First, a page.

We should have sailed from Bergen but for some reason I can't remember (a strike?) we were told this wasn't now possible. So we had to drive all the way down into Sweden and leave from there. We made the best of it because before leaving Norway we stopped in Oslo to go to the museum where the Kon Tiki is on view. We'd read the story of Thor Heyerdahl and the adventures he and his five companions endured as they drifted 4,300 miles across the Pacific Ocean. It really is an exciting story, funny and dangerous, and now to see the Kon Tiki brought it all back to us. The raft is forty feet long and to drift as they did on it was almost unbelievable.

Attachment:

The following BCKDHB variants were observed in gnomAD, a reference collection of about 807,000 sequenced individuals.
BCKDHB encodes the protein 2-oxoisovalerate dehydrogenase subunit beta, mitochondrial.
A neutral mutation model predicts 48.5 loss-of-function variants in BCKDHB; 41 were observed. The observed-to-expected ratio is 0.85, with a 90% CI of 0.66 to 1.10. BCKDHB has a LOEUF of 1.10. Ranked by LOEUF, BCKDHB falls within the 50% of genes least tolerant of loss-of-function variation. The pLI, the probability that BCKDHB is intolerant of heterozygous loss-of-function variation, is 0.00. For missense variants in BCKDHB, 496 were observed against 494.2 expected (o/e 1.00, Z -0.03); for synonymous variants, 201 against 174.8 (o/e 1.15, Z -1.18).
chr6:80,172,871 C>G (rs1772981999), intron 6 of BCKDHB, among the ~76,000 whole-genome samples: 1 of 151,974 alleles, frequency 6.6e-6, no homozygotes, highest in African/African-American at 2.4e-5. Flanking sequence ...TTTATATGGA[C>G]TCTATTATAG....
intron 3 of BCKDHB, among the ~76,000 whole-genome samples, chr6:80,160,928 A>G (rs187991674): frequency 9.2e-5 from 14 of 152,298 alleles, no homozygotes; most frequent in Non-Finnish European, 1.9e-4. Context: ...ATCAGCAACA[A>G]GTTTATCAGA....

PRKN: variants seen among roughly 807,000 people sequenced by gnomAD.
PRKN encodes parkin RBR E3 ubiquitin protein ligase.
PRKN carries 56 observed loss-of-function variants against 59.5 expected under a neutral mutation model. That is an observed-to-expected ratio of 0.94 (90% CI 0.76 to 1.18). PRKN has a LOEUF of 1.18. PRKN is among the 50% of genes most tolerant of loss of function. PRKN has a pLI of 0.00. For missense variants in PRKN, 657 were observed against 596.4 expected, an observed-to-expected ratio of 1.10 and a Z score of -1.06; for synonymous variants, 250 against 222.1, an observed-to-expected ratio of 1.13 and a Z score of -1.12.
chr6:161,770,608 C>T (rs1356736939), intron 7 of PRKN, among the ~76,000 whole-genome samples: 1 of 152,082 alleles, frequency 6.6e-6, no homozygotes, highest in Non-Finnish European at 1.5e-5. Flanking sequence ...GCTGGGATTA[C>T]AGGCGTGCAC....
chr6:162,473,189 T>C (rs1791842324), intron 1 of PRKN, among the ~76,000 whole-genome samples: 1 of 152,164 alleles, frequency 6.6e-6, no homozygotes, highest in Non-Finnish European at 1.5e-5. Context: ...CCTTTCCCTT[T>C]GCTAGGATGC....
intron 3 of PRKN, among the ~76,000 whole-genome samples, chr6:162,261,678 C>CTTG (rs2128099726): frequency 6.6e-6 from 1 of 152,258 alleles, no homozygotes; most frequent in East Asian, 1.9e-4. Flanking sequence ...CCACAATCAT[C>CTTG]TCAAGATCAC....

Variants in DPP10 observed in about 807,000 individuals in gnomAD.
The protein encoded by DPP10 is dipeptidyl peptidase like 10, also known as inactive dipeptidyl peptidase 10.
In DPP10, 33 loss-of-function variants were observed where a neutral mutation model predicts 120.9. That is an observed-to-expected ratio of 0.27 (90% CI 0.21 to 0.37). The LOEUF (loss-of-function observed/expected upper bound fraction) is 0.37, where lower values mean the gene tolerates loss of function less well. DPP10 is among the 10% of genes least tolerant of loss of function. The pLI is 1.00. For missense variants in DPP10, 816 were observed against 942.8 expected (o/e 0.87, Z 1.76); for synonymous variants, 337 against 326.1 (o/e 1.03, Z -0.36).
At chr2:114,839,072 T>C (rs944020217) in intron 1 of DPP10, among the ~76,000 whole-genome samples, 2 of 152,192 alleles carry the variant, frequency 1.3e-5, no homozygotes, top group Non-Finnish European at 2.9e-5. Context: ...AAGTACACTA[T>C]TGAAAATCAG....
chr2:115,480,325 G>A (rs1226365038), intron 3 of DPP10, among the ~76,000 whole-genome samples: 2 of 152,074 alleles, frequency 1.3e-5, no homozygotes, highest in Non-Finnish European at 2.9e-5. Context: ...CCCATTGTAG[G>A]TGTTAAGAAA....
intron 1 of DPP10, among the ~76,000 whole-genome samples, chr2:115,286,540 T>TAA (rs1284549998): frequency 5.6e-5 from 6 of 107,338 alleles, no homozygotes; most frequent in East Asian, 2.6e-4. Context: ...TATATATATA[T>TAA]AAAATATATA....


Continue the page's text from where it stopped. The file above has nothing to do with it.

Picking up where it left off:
It was a long drive from Oslo to Gothenburg but enjoyable, mostly along the coast. Not having been there before we had a little difficulty finding our boat in the maze of docks. But eventually we were successful. We arrived home in time to go a week later to see Anne's graduation in Cambridge - something we wouldn't have missed for anything in the world.